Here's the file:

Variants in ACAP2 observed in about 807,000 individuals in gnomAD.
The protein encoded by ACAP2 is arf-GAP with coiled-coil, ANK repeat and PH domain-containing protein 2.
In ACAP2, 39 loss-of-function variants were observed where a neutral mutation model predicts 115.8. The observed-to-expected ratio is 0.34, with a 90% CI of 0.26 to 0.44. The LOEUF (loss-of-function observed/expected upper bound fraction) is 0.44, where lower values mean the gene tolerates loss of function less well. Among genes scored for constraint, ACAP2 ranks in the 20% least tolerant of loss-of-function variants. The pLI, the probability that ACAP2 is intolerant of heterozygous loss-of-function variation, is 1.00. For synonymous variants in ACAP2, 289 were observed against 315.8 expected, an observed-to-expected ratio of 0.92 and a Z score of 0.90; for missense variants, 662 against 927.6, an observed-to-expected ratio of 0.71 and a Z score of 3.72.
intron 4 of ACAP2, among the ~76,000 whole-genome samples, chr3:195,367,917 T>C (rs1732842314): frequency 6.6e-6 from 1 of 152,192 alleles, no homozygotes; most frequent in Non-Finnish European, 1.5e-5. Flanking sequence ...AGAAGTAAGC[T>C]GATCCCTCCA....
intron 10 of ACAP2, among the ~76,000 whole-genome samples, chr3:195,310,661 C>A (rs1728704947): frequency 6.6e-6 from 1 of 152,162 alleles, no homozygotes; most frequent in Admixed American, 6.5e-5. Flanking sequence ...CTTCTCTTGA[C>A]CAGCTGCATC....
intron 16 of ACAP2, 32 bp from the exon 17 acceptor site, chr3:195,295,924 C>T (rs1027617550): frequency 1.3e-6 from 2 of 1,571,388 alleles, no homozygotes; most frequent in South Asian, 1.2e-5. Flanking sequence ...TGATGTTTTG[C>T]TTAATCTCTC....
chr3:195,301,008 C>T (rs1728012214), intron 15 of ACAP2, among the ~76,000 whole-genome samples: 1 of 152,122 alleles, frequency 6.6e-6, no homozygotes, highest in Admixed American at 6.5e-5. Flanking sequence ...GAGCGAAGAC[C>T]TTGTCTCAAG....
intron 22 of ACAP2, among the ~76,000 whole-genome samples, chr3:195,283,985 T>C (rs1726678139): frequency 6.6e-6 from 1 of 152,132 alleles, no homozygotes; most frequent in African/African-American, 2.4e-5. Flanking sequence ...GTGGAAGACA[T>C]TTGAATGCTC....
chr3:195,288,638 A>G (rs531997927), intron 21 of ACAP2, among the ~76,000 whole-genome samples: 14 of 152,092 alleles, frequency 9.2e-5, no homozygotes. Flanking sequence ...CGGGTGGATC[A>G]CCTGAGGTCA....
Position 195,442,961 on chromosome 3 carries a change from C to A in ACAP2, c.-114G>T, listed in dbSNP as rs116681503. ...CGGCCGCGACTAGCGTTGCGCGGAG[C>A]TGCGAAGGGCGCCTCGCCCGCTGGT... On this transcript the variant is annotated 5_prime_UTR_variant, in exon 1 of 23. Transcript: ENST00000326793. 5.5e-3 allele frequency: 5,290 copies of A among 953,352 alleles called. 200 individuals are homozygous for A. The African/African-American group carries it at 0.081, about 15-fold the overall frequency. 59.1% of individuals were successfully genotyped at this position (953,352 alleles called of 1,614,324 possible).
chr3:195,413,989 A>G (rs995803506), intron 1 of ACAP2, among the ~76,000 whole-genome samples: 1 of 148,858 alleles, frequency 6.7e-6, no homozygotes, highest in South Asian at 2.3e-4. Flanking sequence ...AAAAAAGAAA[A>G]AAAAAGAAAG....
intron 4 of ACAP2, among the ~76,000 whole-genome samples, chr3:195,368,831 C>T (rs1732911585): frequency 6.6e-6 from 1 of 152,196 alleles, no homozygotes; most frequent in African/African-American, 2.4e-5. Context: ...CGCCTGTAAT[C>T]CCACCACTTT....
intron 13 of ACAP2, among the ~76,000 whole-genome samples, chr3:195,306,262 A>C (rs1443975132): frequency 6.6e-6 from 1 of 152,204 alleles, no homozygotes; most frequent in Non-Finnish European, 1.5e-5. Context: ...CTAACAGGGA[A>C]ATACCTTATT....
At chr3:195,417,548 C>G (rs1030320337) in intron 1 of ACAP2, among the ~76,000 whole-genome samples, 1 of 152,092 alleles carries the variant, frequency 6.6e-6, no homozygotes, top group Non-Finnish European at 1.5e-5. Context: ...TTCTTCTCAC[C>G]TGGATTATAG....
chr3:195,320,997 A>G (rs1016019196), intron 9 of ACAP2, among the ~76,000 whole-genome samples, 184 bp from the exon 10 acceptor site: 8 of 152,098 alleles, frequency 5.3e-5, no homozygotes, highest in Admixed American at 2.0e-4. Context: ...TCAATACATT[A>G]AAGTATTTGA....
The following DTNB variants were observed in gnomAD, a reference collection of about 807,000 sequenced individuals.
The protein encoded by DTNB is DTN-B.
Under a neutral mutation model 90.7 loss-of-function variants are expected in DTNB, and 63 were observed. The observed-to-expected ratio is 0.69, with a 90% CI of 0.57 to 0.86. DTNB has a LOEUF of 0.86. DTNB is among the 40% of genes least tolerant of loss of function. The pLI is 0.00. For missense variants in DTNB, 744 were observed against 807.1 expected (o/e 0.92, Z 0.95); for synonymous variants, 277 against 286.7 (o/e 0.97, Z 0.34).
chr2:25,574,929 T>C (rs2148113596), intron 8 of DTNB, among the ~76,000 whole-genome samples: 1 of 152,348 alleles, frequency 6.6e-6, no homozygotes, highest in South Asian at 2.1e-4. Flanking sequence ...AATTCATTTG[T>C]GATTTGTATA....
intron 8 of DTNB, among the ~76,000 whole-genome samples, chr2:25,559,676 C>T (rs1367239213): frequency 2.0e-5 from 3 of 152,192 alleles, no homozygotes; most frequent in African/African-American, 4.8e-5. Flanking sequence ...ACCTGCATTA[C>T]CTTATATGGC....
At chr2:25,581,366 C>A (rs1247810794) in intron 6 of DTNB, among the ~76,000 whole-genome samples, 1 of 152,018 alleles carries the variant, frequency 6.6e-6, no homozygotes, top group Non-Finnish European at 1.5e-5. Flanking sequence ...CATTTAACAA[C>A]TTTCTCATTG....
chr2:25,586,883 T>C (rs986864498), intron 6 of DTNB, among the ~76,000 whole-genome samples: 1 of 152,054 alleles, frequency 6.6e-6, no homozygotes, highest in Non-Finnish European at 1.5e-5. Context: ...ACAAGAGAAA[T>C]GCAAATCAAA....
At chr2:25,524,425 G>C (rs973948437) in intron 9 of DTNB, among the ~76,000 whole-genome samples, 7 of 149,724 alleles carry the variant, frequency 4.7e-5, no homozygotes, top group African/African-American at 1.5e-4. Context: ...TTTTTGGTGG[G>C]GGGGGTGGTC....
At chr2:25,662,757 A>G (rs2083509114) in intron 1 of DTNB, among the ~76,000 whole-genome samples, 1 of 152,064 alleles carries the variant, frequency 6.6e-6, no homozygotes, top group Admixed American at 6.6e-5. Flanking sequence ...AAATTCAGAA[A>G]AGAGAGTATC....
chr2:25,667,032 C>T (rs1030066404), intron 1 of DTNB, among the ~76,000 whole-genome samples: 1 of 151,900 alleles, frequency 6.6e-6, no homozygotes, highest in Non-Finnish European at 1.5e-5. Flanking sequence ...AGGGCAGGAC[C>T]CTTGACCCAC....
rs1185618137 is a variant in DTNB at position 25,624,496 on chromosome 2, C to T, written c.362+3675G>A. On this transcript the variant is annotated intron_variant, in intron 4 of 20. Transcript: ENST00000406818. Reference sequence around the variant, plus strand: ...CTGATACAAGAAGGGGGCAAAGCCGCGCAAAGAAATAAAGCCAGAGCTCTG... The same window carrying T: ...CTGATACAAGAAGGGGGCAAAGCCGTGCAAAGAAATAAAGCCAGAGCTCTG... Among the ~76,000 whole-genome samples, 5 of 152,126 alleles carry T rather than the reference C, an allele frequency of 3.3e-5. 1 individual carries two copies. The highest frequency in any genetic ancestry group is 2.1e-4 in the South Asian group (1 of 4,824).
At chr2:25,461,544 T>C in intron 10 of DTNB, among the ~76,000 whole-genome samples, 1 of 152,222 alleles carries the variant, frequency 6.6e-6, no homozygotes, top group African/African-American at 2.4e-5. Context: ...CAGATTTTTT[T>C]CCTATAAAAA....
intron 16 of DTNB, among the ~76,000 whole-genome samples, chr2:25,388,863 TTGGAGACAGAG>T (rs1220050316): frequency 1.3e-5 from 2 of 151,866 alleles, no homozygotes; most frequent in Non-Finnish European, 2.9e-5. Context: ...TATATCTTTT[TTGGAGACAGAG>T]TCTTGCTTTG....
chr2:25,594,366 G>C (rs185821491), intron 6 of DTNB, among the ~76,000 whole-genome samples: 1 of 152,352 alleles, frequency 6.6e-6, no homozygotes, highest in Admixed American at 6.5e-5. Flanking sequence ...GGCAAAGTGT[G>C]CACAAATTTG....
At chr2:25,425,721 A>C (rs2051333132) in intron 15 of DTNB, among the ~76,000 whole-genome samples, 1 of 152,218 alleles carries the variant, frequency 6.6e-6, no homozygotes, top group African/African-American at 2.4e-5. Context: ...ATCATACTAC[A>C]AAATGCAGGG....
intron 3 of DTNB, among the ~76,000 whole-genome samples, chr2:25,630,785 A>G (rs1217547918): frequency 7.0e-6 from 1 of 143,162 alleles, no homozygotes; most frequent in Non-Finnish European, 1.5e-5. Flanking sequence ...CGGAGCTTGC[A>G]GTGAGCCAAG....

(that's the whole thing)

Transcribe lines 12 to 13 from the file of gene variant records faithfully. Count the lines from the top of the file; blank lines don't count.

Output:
intron 4 of ACAP2, among the ~76,000 whole-genome samples, chr3:195,368,831 C>T (rs1732911585): frequency 6.6e-6 from 1 of 152,196 alleles, no homozygotes; most frequent in African/African-American, 2.4e-5. Context: ...CGCCTGTAAT[C>T]CCACCACTTT....
intron 13 of ACAP2, among the ~76,000 whole-genome samples, chr3:195,306,262 A>C (rs1443975132): frequency 6.6e-6 from 1 of 152,204 alleles, no homozygotes; most frequent in Non-Finnish European, 1.5e-5. Context: ...CTAACAGGGA[A>C]ATACCTTATT....